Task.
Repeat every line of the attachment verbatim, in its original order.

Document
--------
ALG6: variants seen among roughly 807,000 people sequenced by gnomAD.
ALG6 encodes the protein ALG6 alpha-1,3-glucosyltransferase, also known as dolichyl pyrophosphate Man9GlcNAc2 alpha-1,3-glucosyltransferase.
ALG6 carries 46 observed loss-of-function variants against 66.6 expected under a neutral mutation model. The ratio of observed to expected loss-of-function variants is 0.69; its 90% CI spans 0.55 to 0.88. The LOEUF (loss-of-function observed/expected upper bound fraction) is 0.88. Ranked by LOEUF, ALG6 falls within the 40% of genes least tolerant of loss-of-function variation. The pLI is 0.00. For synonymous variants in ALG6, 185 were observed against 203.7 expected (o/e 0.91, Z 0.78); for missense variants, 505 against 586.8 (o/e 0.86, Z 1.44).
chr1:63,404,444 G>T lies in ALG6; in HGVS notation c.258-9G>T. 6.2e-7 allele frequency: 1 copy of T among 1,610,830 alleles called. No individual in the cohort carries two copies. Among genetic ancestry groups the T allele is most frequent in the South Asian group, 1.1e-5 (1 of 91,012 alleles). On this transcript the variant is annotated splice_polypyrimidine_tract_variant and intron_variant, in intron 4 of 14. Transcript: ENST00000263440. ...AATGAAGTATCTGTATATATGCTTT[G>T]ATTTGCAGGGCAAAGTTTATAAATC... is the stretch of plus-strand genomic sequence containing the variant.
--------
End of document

ALG6: variants seen among roughly 807,000 people sequenced by gnomAD.
ALG6 encodes the protein ALG6 alpha-1,3-glucosyltransferase, also known as dolichyl pyrophosphate Man9GlcNAc2 alpha-1,3-glucosyltransferase.
ALG6 carries 46 observed loss-of-function variants against 66.6 expected under a neutral mutation model. The ratio of observed to expected loss-of-function variants is 0.69; its 90% CI spans 0.55 to 0.88. The LOEUF (loss-of-function observed/expected upper bound fraction) is 0.88. Ranked by LOEUF, ALG6 falls within the 40% of genes least tolerant of loss-of-function variation. The pLI is 0.00. For synonymous variants in ALG6, 185 were observed against 203.7 expected (o/e 0.91, Z 0.78); for missense variants, 505 against 586.8 (o/e 0.86, Z 1.44).
chr1:63,404,444 G>T lies in ALG6; in HGVS notation c.258-9G>T. 6.2e-7 allele frequency: 1 copy of T among 1,610,830 alleles called. No individual in the cohort carries two copies. Among genetic ancestry groups the T allele is most frequent in the South Asian group, 1.1e-5 (1 of 91,012 alleles). On this transcript the variant is annotated splice_polypyrimidine_tract_variant and intron_variant, in intron 4 of 14. Transcript: ENST00000263440. ...AATGAAGTATCTGTATATATGCTTT[G>T]ATTTGCAGGGCAAAGTTTATAAATC... is the stretch of plus-strand genomic sequence containing the variant.